Evan then set into telling us that he was not in a rush to get a real job after he finished school at Parsons. He said he studied illustration, which I thought was cool. I am not a great illustrator, so I admire them because I have to take photos to make things look good. Coordination is not my thing, lol. He explained that there are about 5 people that control the material on every channel in America, which was scary to think of, and that they are having to re-think everything in the context of delivering their content online, much like print media (Are you listening NYT?). He said that in this digital age, we should aspire to be the Jim Hensons, Lucille Balls, and Merv Griffins of online entertainment. They were pioneers in the TV era, because they set the stage for what had never been done. That resonated with me.
Next, Evan talked about how liberating it is to, “Throw everything you have in a truck and drive.” He explained that when he moved to California, that is what he did, and said that it was a meaningful experience for him, because though he had a destination, he was not sure of where he would end up.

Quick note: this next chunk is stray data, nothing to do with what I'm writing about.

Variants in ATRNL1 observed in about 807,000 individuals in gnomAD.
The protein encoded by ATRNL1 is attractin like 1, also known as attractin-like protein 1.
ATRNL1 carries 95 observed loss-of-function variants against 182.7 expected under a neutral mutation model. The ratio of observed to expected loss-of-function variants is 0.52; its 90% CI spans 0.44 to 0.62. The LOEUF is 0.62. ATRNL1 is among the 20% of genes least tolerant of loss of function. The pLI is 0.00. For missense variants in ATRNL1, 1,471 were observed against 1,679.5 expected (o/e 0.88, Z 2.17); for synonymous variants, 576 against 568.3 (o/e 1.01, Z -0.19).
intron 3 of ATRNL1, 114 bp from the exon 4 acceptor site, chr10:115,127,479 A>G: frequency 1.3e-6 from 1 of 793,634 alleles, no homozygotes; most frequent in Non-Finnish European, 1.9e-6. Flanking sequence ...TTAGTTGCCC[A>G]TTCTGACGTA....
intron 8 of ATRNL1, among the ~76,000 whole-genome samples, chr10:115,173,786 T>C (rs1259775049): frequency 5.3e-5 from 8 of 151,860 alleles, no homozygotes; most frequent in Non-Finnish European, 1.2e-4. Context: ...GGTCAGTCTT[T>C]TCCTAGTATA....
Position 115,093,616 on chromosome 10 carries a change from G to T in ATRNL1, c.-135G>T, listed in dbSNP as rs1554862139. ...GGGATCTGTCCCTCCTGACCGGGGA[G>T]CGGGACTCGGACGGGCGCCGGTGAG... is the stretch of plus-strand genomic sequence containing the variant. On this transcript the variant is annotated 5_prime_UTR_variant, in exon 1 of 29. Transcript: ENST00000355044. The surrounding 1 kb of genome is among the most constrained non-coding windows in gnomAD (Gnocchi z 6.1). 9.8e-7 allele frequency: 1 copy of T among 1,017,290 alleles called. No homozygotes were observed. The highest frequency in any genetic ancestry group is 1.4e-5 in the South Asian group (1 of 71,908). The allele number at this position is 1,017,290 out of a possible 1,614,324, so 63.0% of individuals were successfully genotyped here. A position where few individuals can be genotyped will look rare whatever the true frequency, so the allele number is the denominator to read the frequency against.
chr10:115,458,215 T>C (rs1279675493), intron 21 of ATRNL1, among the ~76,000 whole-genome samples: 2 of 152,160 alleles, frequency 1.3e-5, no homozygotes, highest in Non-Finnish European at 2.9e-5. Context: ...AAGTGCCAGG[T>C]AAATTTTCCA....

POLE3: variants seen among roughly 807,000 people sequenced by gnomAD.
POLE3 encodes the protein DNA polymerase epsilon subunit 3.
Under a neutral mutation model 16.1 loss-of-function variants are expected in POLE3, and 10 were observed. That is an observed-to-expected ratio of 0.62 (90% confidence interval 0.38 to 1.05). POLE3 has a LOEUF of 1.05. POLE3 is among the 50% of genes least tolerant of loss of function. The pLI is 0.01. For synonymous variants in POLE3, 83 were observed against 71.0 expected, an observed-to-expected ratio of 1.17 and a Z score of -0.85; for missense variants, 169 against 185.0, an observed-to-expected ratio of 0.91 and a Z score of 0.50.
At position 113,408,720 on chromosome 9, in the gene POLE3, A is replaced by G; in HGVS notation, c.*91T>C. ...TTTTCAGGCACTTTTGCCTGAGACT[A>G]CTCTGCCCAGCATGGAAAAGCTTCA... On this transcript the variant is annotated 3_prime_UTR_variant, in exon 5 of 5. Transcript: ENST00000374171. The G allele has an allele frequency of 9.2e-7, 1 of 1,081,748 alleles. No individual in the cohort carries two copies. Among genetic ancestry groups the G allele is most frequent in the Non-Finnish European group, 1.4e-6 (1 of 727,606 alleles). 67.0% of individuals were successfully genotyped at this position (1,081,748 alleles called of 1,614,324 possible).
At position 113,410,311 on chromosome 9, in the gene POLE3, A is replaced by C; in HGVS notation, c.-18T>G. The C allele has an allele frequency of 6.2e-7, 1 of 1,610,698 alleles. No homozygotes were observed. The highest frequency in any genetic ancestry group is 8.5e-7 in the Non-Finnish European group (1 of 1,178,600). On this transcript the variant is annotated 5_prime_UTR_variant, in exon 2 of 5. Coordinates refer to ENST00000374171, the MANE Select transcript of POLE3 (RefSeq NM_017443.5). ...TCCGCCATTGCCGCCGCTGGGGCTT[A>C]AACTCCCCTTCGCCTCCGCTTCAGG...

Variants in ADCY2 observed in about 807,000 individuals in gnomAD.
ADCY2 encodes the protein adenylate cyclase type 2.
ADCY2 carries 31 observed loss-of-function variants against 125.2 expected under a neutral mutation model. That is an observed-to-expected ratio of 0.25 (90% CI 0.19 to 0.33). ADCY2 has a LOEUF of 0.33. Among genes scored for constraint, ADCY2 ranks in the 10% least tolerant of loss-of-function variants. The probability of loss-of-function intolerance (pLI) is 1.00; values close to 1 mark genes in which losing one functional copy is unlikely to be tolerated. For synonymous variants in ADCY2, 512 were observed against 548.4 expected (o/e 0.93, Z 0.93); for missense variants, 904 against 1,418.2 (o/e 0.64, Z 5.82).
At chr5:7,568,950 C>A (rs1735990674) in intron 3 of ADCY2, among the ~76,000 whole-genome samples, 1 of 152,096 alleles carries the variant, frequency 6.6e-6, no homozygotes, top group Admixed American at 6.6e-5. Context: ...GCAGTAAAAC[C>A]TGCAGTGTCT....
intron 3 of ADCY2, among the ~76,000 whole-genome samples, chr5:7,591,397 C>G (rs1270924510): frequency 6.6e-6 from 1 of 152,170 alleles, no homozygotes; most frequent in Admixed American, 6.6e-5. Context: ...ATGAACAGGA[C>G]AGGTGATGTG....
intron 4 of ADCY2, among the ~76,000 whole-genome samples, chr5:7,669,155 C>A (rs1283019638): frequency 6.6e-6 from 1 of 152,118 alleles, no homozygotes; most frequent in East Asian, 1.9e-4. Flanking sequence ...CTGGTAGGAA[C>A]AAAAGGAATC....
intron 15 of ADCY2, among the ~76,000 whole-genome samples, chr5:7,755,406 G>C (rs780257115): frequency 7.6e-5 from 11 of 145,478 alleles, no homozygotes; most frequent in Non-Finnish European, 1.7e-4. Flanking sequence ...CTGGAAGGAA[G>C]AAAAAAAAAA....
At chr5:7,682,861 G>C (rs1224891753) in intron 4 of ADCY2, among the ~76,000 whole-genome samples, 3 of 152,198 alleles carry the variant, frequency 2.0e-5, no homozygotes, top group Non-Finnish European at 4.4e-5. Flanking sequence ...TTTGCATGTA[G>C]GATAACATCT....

He then fast forwarded to the video that put Jib Jab into the public eye. Yes, you remember it, “This Land.” It seemingly came from nowhere, and was emailed and shown around the globe more than most television seasons can ever hope for viewers. However, as Evan explained, making that animation was difficult because of the amount of technological constraints at the time. Think back to when Kerry ran against Bush—what kind of modem did YOU have? Chances are it was not FiOS. This was also well before the advent of YouTube, so there was no real digital delivery site for video. News companies had just started experimenting with online video distribution at that time. This meant that the video would have to be optimized extensively for delivery in an efficient manner for downloads everywhere. Evan laughed and said that the original file size was 13.5mb, but after his keen optimization, it shrank to just about 4mb. He mentioned that in Iraq, the military had to block access to the video because so many soldiers were trying to access it, and it was bogging down their communications. No fun for the people that do the fighting. The moral of this story, Evan said, was that you should push the boundaries of your tools, but make sure that the final product is readily accessible by your target audience.